509:
Incidence, Etiology and characteristics of adult onset anaphylaxis in Qatar
Sunday, March 4, 2018
South Hall A2 (Convention Center)
Mehdi Adeli, MD, Khalid Alyafei, Sohaib Imtiaz Chaudhry, Sabha Nisar
RATIONALE:

Anaphylaxis is a rapidly progressing allergic reaction. Adult constitute 83% of the total population of Qatar where no data related to anaphylaxis has been recorded. We sought to describe the clinical presentation, inducers, management and outcomes of these patients.

METHODS:

Data was accumulated over 3 years (July 2014 – July 2017) from the Adult Emergency. Patients were selected using ICD-9 diagnostic codes for allergic reactions, anaphylaxis and food allergy. Cases were classified according to the criteria set by the National Institute of Allergy and Infectious diseases/Food Allergy and Anaphylaxis network for anaphylaxis diagnosis.

RESULTS:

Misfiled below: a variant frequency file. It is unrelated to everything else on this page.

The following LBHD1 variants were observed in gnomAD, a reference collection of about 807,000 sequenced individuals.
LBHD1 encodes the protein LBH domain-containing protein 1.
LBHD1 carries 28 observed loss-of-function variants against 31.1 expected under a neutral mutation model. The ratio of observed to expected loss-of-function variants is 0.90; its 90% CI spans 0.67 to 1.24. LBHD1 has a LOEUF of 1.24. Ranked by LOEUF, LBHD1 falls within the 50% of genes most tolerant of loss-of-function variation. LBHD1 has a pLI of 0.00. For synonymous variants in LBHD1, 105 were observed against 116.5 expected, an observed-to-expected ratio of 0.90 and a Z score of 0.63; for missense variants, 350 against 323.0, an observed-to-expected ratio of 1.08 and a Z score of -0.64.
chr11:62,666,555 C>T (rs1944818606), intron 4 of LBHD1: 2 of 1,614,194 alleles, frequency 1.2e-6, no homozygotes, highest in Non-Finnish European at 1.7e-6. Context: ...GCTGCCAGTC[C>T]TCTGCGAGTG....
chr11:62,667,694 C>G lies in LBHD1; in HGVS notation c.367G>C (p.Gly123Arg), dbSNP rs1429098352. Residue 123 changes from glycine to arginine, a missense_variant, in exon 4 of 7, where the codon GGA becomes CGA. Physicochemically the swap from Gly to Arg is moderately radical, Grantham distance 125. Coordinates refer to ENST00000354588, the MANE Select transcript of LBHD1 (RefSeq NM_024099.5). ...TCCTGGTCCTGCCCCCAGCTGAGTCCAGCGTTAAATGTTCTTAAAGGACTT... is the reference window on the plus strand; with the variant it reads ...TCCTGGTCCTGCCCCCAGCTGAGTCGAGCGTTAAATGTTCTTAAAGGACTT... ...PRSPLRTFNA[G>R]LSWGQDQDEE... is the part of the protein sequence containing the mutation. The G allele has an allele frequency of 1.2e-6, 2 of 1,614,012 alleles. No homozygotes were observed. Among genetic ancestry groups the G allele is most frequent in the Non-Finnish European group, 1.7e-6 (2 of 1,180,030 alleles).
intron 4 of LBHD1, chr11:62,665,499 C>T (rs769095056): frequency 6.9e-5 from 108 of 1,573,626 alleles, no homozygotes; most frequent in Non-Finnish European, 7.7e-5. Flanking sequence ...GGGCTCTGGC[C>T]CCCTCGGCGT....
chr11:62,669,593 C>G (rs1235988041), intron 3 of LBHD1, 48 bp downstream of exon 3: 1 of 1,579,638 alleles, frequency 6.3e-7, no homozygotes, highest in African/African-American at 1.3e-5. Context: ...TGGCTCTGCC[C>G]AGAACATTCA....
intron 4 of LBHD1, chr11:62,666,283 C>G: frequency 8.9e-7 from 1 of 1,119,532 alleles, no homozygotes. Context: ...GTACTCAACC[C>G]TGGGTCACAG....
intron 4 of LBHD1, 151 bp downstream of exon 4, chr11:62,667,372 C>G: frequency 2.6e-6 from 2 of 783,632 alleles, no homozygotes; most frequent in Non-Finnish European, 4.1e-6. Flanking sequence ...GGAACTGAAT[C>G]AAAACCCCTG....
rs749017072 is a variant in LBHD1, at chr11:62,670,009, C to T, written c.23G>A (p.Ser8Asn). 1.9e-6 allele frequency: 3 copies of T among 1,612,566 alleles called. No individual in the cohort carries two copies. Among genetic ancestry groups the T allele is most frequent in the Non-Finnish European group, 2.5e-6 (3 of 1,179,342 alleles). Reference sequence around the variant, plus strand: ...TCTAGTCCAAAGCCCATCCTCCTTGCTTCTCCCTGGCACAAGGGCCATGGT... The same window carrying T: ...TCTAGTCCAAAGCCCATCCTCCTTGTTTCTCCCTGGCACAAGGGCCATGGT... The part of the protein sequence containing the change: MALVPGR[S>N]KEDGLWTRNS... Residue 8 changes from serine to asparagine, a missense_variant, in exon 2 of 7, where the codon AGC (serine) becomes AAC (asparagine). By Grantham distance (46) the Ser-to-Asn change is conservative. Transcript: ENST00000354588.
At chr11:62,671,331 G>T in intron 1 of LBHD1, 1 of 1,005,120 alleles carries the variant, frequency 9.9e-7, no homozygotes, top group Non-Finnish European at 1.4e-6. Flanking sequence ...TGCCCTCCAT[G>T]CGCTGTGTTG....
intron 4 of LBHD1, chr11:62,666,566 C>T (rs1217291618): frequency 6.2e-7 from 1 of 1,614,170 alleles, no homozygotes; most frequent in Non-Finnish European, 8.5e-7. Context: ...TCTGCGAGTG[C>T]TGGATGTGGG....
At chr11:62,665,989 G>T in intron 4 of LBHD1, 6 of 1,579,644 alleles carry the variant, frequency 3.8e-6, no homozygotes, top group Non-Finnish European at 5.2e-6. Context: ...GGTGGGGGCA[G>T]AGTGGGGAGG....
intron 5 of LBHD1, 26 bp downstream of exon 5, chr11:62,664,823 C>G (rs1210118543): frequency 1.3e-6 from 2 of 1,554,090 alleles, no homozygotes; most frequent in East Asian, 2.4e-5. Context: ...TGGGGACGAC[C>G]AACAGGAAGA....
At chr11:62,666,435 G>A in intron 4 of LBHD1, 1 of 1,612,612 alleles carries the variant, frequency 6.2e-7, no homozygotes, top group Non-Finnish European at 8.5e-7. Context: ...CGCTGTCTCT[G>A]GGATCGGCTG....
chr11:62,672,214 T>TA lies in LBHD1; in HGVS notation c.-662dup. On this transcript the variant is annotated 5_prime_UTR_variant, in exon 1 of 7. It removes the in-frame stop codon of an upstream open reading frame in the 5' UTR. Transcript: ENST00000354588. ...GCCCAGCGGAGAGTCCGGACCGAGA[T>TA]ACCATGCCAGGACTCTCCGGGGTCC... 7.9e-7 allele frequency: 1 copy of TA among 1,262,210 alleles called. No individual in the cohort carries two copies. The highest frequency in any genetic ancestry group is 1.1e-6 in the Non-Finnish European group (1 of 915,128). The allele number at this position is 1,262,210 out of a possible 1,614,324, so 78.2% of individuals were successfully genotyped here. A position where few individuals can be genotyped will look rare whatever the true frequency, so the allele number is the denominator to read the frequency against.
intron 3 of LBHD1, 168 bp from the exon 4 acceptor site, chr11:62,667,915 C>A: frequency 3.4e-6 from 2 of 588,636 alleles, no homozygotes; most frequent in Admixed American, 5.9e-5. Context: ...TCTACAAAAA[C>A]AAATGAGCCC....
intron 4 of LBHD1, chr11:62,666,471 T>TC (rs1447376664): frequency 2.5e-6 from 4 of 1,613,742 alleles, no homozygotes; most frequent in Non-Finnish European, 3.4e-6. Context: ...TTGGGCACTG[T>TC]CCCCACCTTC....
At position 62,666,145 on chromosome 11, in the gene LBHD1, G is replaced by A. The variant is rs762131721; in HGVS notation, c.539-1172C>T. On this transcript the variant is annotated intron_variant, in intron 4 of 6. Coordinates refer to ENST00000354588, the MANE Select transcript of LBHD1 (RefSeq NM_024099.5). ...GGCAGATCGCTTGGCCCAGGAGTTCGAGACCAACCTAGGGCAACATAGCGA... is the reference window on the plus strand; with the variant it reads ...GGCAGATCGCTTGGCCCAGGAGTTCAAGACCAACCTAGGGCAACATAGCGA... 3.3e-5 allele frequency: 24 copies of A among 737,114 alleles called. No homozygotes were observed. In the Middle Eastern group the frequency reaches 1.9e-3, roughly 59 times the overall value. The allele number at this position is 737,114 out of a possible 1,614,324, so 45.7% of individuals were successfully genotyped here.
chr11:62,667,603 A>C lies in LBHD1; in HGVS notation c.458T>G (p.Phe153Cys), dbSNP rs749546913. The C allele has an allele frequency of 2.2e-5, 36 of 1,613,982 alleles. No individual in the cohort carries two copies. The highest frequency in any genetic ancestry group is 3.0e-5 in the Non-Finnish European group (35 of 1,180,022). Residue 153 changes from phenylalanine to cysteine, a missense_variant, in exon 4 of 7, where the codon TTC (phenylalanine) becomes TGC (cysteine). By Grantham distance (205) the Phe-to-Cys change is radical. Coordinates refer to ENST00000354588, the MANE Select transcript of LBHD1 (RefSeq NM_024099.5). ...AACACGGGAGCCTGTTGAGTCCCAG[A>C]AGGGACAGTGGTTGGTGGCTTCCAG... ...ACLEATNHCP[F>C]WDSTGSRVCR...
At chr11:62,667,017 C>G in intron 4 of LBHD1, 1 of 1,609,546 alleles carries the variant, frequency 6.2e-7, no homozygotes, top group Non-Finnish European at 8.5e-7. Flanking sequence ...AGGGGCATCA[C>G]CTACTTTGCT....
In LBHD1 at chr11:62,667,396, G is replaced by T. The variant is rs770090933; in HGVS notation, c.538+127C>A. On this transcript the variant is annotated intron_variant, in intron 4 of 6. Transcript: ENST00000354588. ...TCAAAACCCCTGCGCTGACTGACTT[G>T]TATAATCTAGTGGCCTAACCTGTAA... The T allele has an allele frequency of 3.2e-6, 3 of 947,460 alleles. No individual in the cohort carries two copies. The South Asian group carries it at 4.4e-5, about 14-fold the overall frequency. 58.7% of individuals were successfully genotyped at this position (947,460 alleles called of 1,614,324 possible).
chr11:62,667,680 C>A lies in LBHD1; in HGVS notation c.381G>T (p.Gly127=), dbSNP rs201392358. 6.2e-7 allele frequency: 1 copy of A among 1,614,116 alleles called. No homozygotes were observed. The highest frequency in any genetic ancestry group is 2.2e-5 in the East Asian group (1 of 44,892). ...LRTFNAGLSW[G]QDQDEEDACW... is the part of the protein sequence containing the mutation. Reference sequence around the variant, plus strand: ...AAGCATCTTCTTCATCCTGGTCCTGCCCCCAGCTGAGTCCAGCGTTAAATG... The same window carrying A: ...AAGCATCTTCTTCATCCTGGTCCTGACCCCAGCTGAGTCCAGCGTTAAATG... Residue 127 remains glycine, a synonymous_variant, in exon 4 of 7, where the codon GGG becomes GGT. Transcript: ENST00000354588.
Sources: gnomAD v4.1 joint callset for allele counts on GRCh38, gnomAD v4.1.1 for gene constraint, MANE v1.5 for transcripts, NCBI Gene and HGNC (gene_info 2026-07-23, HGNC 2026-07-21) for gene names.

A total of 198 cases were identified from 590 cases reviewed. Incidence was 16.5 per 100,000 visits. Mean age was 38 years, 23% were >50 years and females encompassed 78%. Recurrent episodes seen in 20%, biphasic in 4 cases ,15% had pre-diagnosed allergies. Triggers: insect bite 59 % (black ant was 65%), food 19%, medication 8%, idiopathic 14%. Co-morbidity of asthma and eczema was 18% and 7% respectively. In food etiology, seafood was 29%, nuts 10%, chicken 10%, egg 8% and unspecified food 10%.Symptoms included 96% cutaneous, 76%, respiratory , 46%, cardiac, 19% gastrointestinal and 8% neurological .Antihistamines as first line drug were used in 87% and concomitant with adrenaline in 18%. Only 13% were prescribed Epi-pen on discharge and 18% followed up with immunologist.

CONCLUSIONS:

Emergency department physicians must be educated to use adrenaline as first line treatment and a conscious effort must be made to record the symptoms and triggers conscientiously for a definite diagnosis.